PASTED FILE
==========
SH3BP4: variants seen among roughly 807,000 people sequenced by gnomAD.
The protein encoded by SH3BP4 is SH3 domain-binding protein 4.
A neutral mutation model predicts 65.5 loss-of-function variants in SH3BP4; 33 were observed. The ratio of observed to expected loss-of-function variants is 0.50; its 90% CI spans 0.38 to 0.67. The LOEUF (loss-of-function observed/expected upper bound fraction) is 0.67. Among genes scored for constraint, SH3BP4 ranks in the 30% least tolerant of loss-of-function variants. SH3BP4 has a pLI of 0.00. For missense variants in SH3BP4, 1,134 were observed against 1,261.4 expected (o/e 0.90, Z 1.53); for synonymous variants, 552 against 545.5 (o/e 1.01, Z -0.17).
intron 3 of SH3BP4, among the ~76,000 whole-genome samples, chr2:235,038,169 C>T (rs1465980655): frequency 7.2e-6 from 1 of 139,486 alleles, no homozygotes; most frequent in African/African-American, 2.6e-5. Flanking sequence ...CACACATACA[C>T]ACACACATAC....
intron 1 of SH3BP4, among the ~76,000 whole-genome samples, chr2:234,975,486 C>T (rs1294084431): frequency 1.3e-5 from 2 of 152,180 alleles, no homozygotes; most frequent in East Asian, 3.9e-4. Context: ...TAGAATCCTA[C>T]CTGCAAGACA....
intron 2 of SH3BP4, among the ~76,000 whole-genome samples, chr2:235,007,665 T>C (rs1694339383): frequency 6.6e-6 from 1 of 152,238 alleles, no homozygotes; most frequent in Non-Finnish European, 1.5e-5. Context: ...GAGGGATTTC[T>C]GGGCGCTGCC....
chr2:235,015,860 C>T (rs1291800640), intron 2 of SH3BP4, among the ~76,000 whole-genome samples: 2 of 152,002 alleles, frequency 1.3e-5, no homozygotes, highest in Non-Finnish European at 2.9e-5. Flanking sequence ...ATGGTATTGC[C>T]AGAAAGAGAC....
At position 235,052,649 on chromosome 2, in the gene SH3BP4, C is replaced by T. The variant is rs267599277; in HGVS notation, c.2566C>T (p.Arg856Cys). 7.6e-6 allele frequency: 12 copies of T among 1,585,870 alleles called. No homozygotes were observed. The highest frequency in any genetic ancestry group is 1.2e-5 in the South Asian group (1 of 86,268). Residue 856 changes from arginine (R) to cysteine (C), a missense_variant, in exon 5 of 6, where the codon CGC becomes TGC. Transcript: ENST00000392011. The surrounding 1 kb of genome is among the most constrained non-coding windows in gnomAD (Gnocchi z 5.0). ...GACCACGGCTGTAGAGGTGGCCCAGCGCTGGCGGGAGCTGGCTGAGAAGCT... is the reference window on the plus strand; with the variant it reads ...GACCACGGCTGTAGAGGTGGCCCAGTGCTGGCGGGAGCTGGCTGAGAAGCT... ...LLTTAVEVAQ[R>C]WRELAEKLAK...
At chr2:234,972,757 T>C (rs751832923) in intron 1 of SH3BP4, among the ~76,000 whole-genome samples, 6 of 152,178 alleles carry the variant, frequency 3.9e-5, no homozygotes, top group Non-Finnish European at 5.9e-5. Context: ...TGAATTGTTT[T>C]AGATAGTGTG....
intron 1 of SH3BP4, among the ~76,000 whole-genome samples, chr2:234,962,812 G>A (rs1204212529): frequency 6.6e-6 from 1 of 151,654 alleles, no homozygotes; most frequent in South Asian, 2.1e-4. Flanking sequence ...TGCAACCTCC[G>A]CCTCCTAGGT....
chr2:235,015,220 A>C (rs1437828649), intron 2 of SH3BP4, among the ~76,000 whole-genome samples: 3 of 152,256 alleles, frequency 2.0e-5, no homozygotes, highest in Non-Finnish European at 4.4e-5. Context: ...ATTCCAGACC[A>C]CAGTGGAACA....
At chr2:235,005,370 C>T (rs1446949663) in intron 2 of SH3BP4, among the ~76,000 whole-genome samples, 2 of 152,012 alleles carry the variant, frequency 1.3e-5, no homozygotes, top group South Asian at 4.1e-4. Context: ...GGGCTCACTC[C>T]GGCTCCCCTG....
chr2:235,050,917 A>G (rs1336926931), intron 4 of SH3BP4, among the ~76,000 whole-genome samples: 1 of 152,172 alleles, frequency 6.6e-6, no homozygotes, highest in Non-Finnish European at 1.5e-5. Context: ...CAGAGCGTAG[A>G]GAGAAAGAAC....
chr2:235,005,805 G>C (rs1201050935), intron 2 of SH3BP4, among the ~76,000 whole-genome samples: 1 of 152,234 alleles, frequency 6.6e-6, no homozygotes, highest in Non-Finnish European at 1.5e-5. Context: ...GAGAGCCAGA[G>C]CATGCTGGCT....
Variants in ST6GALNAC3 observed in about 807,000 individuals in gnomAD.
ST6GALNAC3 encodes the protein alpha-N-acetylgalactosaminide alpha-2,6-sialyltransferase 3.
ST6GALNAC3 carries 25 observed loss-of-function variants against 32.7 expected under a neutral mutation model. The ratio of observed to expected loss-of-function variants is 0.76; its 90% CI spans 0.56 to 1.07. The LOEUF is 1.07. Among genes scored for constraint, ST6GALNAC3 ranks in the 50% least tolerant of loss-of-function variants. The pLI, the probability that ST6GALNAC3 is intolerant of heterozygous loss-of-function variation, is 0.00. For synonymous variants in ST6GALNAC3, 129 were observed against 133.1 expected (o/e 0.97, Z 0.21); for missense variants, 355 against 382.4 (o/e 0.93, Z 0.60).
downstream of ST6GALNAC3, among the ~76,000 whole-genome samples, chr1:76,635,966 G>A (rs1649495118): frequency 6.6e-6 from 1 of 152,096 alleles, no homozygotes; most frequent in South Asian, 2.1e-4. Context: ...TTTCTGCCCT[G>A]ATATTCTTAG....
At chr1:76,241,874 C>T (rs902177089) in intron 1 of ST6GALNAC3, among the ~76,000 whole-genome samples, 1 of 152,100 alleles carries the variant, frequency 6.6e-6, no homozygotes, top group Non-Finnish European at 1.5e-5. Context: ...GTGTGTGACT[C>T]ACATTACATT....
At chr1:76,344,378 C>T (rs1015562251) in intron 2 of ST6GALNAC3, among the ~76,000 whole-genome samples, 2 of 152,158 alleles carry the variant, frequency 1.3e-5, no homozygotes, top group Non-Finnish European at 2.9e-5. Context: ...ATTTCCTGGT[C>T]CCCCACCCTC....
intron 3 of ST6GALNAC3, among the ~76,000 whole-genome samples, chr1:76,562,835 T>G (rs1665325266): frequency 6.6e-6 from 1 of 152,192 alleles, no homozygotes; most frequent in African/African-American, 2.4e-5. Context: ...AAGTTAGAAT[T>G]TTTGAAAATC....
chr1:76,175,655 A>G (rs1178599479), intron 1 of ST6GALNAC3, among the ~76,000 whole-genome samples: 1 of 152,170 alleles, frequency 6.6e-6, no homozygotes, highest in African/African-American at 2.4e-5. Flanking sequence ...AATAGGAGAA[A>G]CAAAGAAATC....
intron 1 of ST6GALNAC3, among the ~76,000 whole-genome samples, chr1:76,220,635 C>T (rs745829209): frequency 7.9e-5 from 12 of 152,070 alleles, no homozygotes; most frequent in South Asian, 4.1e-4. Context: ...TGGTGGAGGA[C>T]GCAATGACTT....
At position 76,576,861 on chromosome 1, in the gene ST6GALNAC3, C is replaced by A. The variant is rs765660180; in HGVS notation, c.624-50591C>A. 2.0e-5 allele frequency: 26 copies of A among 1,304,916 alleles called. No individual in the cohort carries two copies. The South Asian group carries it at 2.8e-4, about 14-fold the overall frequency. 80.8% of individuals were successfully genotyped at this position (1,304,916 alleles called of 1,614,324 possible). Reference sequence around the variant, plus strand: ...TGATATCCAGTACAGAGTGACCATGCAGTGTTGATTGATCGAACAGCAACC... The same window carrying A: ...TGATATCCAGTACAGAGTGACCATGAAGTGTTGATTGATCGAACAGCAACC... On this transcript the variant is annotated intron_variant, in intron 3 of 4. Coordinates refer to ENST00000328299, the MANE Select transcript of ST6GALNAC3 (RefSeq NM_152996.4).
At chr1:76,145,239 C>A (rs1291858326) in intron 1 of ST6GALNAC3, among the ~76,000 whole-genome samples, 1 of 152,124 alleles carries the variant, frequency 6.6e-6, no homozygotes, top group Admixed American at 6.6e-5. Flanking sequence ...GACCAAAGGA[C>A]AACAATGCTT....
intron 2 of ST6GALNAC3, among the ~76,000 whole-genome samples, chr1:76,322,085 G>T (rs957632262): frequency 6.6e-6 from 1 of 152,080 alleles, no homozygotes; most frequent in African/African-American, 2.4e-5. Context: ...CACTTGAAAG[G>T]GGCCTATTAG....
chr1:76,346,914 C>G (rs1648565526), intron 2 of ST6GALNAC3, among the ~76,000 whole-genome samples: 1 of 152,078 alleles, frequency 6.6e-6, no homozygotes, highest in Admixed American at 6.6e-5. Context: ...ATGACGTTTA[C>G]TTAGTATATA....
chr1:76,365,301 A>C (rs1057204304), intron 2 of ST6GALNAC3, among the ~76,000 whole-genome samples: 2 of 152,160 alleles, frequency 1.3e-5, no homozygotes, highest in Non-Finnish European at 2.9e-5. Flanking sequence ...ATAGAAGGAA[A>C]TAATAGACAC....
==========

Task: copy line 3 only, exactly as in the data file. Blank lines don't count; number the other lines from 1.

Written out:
A neutral mutation model predicts 65.5 loss-of-function variants in SH3BP4; 33 were observed. The ratio of observed to expected loss-of-function variants is 0.50; its 90% CI spans 0.38 to 0.67. The LOEUF (loss-of-function observed/expected upper bound fraction) is 0.67. Among genes scored for constraint, SH3BP4 ranks in the 30% least tolerant of loss-of-function variants. SH3BP4 has a pLI of 0.00. For missense variants in SH3BP4, 1,134 were observed against 1,261.4 expected (o/e 0.90, Z 1.53); for synonymous variants, 552 against 545.5 (o/e 1.01, Z -0.17).